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Encouraging Revegetation in Australia with a Groundwater Recharge Credit Scheme

Listed author(s):
  • Wendy Proctor
  • Jeffery D Connor
  • John Ward
  • Darla Hatton MacDonald


    (CSIRO Land and Water, Australia)

This paper describes a comprehensive method to design, test and then implement a Payments for Ecosystem Services (PES) framework to combat the environmental consequences of extensive native vegetation clearance in Australia. Clearing of vegetation, primarily due to the expansion of farming areas, has often resulted in regional dryland and irrigation salinity. The market based approach adopted ? a groundwater recharge credit trading scheme ? was designed using empirical data from a social survey and experimental economics. The objective of the trial is to test the cost effectiveness of an incentive based recharge credit trade scheme designed to engage landholders in establishing and managing deep rooted pasture and woody perennials to reduce these adverse salinity impacts. The scheme, based on a voluntary ?cap and trade? approach, allows farmers to meet recharge obligations by land management actions or by trading credits. Assessment of the scheme so far suggests that an incentive for aggregate group outcome achievement included in the design may have motivated higher enrollment rates than would have otherwise resulted. A schedule has been developed relating land management practices and recharge credits. The audited performance based payment system, has provided increased motivation to manage for environmental outcomes compared to the previous policy.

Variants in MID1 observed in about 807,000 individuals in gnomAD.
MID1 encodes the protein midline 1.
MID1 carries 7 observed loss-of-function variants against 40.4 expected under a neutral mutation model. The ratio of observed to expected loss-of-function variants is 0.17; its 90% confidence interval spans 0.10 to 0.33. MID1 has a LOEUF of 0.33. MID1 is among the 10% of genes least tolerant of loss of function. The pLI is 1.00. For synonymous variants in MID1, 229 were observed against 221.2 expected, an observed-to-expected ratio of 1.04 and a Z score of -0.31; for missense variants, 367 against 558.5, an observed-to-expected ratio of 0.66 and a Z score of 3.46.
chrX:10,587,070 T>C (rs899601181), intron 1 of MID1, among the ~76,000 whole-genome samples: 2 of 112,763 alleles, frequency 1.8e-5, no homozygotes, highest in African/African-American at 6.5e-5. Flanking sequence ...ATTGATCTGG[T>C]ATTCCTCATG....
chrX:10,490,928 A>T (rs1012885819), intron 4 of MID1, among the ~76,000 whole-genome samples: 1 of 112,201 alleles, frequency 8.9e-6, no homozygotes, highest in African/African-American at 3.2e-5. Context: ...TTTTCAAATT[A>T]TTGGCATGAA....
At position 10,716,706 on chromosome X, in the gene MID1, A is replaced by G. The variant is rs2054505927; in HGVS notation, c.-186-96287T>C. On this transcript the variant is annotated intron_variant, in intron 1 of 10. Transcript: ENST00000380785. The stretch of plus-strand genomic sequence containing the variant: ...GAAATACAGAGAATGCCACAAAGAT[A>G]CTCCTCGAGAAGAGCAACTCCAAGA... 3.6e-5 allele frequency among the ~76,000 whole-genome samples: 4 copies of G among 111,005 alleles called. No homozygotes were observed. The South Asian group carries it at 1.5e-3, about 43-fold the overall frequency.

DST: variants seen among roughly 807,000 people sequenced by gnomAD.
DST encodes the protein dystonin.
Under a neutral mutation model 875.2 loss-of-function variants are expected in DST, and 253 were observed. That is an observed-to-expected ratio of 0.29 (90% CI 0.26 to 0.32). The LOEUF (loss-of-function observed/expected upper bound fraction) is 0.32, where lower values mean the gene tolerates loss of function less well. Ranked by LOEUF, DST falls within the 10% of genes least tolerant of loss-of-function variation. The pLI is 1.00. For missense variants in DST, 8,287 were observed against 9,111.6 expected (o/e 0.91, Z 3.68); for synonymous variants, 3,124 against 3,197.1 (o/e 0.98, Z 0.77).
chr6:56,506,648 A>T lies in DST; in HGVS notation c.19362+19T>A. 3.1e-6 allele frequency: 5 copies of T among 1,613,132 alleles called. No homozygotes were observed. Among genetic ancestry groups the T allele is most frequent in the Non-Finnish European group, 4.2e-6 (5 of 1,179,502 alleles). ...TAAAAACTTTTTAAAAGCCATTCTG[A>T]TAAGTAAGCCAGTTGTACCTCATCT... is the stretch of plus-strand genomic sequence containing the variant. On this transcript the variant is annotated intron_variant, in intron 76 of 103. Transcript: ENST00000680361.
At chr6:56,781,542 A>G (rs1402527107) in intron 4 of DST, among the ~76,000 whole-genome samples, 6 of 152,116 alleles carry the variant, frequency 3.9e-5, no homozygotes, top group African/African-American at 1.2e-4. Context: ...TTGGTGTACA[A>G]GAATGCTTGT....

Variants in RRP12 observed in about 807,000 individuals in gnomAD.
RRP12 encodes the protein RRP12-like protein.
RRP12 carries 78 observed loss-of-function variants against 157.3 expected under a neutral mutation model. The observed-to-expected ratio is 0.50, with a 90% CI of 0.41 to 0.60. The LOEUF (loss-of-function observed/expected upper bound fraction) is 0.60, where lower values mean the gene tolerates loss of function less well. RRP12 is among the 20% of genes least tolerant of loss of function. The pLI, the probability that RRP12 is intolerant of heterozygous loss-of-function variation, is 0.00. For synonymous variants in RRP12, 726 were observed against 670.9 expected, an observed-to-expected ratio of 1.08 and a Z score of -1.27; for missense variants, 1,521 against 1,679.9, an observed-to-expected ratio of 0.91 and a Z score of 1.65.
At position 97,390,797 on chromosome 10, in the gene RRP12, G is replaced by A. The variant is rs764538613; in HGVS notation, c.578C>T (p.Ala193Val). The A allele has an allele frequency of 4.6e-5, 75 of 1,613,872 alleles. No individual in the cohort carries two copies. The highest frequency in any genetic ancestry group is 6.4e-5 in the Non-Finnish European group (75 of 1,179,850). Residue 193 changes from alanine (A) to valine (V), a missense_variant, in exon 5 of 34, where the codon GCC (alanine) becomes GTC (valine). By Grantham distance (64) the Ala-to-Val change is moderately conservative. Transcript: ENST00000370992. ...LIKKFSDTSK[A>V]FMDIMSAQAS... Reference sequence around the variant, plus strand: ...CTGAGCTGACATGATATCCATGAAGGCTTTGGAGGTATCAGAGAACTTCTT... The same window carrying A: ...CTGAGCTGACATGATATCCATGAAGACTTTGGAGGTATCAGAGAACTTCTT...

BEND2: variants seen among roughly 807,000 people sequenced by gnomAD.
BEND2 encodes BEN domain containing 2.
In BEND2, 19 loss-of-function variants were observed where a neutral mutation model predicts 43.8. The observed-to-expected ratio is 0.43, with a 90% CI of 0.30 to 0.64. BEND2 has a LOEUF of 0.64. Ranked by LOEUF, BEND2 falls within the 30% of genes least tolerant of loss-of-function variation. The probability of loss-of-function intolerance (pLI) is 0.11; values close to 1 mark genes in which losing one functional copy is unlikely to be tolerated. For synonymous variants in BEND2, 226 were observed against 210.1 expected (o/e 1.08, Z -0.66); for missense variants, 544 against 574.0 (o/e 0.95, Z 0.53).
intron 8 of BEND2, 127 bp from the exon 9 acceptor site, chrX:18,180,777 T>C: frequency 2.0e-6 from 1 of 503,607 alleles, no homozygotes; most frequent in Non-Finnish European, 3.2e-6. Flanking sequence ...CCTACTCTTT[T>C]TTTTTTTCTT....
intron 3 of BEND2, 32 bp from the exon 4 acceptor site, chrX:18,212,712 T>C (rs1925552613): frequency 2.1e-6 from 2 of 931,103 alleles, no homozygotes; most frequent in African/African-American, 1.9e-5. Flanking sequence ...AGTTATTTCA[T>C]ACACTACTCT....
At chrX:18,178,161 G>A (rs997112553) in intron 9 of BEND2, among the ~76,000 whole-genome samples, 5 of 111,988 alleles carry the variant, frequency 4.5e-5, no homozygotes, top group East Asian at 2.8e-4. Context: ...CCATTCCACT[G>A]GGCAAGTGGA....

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File Function: First version, 2007
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Paper provided by CSIRO Sustainable Ecosystems in its series Socio-Economics and the Environment in Discussion (SEED) Working Paper Series with number 2007-06.

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Length: 33 pages
Date of creation: May 2007
Handle: RePEc:cse:wpaper:2007-06
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